[a / b / c / d / e / f / g / gif / h / hr / k / m / o / p / r / s / t / u / v / vg / vr / w / wg] [i / ic] [r9k / s4s / vip / qa] [cm / hm / lgbt / y] [3 / aco / adv / an / asp / bant / biz / cgl / ck / co / diy / fa / fit / gd / hc / his / int / jp / lit / mlp / mu / n / news / out / po / pol / qst / sci / soc / sp / tg / toy / trv / tv / vp / wsg / wsr / x] [Settings] [Home]
Board
Settings Home
/diy/ - Do It Yourself



Thread archived.
You cannot reply anymore.



File: 4-types-tubular-locks.png (28 KB, 570x249)
28 KB
28 KB PNG
So I've been learning picking locks over the past 4 years or so, and I'm thinking of branching out to the cylinder/drum locks now. I'm no expert of course, but my skill with deadbolt and the basic styles of padlock (like, with few security pins) has increased quite a bit, where I'm able to pick my house door within a couple minutes.
I watched a few videos on cylinder picking tools and they seem fun and easy.

What I'm not sure about is which tool to get?

I know the 10pin variety of cylinder locks are apparently quite rare. But should I get a 7 pin or 8 pin? Also, is there a tool which can do both? I'd like to just get 1 thing, of course. Can an 8 pin also do 7 pin? Is there a "does it all" picking tool? I've searched a bit but didn't get a real clear answer. Hopefully someone on here knows picking and can help!
>>
https://www.youtube.com/watch?v=4rCUK5K6wwY

It varies. Sometimes they make them at nonstandard sizes to thwart common impressioning tools. Check out LockpickingLawyer on youtube.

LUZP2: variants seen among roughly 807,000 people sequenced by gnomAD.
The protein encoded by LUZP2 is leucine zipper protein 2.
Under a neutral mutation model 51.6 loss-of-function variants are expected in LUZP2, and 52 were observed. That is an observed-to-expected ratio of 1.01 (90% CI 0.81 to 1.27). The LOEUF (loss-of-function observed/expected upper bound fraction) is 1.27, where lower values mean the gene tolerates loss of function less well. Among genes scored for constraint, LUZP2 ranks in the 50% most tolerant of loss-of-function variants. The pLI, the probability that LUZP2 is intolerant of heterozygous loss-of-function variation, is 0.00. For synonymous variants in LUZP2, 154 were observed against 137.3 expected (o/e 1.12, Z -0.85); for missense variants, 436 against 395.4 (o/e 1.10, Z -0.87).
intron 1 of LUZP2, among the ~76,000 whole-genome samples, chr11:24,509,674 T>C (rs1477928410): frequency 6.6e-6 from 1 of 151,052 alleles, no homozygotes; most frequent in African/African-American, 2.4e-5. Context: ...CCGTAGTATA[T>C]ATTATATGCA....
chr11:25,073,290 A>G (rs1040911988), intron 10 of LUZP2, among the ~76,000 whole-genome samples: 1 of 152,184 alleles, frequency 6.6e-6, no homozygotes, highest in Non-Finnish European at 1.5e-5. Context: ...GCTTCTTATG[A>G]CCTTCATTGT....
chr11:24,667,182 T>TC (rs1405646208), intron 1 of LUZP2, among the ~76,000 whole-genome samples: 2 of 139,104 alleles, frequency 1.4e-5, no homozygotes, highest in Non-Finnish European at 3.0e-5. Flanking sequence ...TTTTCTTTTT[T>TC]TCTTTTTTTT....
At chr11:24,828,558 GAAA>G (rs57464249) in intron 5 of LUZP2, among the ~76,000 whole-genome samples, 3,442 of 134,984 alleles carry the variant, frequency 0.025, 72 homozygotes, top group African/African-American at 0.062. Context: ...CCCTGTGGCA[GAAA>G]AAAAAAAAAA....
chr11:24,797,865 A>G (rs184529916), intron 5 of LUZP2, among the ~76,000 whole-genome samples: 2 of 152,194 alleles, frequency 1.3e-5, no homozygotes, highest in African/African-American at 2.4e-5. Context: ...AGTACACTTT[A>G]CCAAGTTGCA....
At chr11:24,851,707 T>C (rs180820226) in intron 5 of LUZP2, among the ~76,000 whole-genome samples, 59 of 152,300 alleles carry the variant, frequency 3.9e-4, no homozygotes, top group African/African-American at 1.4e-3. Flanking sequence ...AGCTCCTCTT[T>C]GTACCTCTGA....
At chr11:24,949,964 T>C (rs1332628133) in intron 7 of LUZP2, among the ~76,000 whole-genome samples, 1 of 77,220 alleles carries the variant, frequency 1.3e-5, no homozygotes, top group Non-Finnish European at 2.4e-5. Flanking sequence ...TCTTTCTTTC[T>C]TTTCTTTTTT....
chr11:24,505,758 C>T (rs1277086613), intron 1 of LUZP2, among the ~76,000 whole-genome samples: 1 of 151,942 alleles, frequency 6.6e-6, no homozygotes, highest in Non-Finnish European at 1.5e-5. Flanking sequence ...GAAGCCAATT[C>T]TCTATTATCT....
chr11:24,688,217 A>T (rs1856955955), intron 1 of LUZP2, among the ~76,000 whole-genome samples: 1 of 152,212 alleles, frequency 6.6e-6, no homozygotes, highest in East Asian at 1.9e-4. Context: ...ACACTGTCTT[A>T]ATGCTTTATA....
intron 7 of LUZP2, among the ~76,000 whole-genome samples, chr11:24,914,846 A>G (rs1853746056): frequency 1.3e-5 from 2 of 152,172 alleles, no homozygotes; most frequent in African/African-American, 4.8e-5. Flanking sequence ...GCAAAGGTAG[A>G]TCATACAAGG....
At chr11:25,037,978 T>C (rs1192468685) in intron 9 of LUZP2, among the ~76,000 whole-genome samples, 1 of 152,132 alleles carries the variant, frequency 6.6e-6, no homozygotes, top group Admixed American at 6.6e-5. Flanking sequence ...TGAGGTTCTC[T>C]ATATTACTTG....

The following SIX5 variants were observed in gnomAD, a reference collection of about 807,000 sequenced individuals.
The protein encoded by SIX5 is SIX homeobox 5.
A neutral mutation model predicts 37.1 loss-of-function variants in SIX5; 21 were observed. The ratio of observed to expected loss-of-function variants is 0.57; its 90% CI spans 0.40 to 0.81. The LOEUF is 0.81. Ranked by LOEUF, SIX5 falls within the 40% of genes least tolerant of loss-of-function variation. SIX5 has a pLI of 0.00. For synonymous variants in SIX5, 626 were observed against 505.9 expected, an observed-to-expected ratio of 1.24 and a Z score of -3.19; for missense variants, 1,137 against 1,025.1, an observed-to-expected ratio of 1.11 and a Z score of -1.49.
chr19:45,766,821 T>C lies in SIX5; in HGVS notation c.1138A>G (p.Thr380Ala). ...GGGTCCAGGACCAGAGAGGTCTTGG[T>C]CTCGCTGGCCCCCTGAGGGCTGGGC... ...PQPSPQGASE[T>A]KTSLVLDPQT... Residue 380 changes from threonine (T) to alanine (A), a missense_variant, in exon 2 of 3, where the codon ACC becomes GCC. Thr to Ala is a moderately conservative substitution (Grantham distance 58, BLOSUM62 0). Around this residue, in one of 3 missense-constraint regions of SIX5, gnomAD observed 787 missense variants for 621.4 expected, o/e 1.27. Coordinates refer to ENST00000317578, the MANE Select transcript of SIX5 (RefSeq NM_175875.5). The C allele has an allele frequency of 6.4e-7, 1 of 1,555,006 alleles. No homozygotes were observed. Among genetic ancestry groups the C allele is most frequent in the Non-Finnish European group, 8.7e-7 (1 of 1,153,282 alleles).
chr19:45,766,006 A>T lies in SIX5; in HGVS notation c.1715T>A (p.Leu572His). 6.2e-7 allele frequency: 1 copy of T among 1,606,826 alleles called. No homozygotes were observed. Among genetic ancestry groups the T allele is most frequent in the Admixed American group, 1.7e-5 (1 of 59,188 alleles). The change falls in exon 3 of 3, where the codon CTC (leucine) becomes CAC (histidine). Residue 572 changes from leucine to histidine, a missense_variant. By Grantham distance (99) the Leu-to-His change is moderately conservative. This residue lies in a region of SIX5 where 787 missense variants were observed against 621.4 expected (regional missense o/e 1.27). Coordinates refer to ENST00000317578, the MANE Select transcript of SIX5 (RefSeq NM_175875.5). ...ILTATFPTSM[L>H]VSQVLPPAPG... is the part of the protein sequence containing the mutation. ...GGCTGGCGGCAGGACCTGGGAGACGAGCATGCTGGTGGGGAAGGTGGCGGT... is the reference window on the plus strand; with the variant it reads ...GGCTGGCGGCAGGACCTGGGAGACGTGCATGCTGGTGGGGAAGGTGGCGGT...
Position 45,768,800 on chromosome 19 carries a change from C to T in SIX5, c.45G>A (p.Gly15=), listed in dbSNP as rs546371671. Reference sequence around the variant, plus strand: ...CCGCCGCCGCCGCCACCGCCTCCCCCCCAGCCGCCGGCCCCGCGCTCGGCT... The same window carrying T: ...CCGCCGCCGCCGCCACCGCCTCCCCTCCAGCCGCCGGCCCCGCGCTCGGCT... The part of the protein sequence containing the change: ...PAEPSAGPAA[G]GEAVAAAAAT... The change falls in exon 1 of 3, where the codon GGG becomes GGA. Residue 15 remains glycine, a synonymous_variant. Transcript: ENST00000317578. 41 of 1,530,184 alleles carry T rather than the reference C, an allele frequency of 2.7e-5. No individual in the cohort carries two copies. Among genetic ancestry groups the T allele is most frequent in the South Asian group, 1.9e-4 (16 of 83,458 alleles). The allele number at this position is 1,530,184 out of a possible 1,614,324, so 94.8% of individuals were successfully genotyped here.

>>
>>1290814
interesting, i had a look at this set, i wondered why they were so cheap, where the southord ones would run me almost 200$
>>
File: Oxy-AcetyleneCutter.jpg (690 KB, 1704x2272)
690 KB
690 KB JPG
>>1290788
>Is there a "does it all" picking tool?

yes
>>
>>1290840
lol. i've done it that way...
>>
Xxx
>>
>>1290788
>>
Cylinder locks are fairly basic to pick, believe it or not. I can pick one with nothing but a pen.
>>
>>1290896
Once opened, do you need to "re-pick" it to get it to shut again? I know with my deadbolt, for example, when I single pin pick it, and open it, i need to pick it all over again to close it.
>>
Why do people learn to pick locks as a hobby? It just seems like it's such an impractical thing that you'd almost never need to do unless you're a professional locksmith or a criminal.
>>
>>1290840

yes because nobody will notice you carrying this montrosity around and using it on a lock
>>
>>1291171
Who cares if you're seen, you're doing it as a hobby or a job, right?
RIGHT?...
Because i'll tell you this now, I'm not about to teach a nigger how to break into my house.
>>
>>1291100
Technically, if its a 7 pin, you would need to re pick it 7 times for it to shut again. However the picking tool retains its shape and can be locked in place so this is usually negated
>>
>>1291166
Well for me there are a lot of locks in my life. Not sure why it worked out that way but, cottages, sheds, tool boxes, etc. It's not that unheard of to find yourself in a "ah shit i grabbed the wrong key set/forgot the keys to my uncles shed and need to mow the lawn here" etc. So i picked up a set just to see how it worked. I carry it on me quite often now, and surprisingly have helped a number of random people who were locked out, etc.
Oddly enough, i sort of doubt many criminals have picks/ability to pick where i am. Seems much more common for them to simply smash a window or something.
Just for example, there was a filing cabinet that was laying around since i was a kid, last summer I had a few beer and messed around trying to pick it, actually got it open after a while. Was really satisfying. Inside were some old comics and baseball cards... Not highly valuable but still fun to check out. Didn't need to destroy the cabinet/lock on it either, and big surprise, there was a spare key in the top drawer.
>>
>>1290896
Only the cheap ones.
>>
>>1291166
>>1291187
think people just like feeling they're doing something they shouldn't or to know they could break into somewhere but they can do it legally just as a hobby